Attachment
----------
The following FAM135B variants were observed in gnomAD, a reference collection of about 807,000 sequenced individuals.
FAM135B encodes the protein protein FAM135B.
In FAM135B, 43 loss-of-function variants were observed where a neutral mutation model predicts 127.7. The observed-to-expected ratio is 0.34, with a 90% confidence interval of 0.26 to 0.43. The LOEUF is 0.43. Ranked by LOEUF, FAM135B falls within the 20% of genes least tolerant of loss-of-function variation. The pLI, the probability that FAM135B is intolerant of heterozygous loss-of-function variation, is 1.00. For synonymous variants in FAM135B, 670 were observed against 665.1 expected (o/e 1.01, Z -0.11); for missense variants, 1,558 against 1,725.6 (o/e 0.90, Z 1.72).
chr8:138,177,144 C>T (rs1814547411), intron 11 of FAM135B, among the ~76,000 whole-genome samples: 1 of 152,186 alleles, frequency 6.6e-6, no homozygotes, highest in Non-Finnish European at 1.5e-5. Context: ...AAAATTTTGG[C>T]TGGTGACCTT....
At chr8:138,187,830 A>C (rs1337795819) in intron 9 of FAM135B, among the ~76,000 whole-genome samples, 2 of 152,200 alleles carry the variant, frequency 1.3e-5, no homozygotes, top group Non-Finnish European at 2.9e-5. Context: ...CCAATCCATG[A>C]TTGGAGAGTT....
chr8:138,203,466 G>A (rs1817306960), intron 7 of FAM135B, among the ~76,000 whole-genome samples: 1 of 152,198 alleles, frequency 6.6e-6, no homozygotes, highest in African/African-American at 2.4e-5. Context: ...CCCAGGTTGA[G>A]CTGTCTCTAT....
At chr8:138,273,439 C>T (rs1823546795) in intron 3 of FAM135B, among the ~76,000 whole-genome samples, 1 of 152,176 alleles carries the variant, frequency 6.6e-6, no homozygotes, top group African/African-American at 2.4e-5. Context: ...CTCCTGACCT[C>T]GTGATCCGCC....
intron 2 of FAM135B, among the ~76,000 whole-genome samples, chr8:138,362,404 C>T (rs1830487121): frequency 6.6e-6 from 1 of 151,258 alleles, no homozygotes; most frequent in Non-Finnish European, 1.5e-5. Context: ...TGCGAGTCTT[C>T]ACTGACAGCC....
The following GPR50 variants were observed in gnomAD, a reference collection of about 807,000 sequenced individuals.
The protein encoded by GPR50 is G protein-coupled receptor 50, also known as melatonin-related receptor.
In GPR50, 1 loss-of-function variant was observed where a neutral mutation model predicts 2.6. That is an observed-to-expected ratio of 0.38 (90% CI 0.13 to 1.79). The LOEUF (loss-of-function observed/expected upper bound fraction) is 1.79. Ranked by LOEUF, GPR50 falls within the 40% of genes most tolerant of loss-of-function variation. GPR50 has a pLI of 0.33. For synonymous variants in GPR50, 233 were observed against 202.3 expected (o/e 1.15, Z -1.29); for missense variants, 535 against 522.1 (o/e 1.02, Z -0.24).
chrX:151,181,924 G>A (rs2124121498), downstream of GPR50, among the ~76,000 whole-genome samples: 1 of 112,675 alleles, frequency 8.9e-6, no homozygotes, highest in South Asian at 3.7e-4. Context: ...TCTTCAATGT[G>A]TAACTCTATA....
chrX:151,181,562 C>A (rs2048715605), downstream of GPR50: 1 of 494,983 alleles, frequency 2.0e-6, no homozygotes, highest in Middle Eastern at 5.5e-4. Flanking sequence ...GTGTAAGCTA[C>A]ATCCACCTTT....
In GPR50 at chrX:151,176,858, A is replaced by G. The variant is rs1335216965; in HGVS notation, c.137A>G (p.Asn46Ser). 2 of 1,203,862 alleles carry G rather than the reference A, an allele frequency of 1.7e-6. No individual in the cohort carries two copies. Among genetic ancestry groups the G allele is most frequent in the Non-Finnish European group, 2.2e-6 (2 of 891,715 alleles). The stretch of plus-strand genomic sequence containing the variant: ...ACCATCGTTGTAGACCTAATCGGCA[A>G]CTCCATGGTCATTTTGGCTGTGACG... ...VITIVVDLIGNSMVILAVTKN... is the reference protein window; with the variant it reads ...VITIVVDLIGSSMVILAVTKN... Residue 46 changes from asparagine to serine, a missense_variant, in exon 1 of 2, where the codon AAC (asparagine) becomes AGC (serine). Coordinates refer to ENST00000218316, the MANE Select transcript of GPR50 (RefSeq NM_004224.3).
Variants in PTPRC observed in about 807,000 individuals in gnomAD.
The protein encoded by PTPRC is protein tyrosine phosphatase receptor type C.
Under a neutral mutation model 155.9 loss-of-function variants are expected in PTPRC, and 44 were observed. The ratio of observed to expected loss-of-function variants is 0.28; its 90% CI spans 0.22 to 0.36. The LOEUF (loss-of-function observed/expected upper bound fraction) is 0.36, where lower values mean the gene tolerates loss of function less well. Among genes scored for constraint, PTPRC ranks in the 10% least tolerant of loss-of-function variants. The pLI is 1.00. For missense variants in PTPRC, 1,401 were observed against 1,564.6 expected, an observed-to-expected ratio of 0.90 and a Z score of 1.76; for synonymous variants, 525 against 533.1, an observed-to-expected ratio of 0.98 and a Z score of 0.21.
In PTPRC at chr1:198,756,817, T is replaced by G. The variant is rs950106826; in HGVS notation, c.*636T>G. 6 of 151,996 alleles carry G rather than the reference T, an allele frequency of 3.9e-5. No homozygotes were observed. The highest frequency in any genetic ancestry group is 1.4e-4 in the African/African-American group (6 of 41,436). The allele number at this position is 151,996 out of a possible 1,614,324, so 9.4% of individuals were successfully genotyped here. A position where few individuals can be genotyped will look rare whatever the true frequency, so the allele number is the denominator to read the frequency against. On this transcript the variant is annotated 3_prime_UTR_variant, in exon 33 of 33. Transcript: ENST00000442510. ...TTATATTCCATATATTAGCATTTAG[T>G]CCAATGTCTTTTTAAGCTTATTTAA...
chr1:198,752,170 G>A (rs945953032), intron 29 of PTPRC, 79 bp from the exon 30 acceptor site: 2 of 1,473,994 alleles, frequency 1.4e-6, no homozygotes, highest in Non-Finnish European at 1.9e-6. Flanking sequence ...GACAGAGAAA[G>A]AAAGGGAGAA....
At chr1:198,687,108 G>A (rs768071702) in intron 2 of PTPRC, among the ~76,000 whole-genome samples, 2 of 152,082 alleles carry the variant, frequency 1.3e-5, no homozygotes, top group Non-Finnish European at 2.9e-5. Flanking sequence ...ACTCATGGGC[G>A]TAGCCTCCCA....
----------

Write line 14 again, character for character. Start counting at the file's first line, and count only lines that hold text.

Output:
In GPR50 at chrX:151,176,858, A is replaced by G. The variant is rs1335216965; in HGVS notation, c.137A>G (p.Asn46Ser). 2 of 1,203,862 alleles carry G rather than the reference A, an allele frequency of 1.7e-6. No individual in the cohort carries two copies. Among genetic ancestry groups the G allele is most frequent in the Non-Finnish European group, 2.2e-6 (2 of 891,715 alleles). The stretch of plus-strand genomic sequence containing the variant: ...ACCATCGTTGTAGACCTAATCGGCA[A>G]CTCCATGGTCATTTTGGCTGTGACG... ...VITIVVDLIGNSMVILAVTKN... is the reference protein window; with the variant it reads ...VITIVVDLIGSSMVILAVTKN... Residue 46 changes from asparagine to serine, a missense_variant, in exon 1 of 2, where the codon AAC (asparagine) becomes AGC (serine). Coordinates refer to ENST00000218316, the MANE Select transcript of GPR50 (RefSeq NM_004224.3).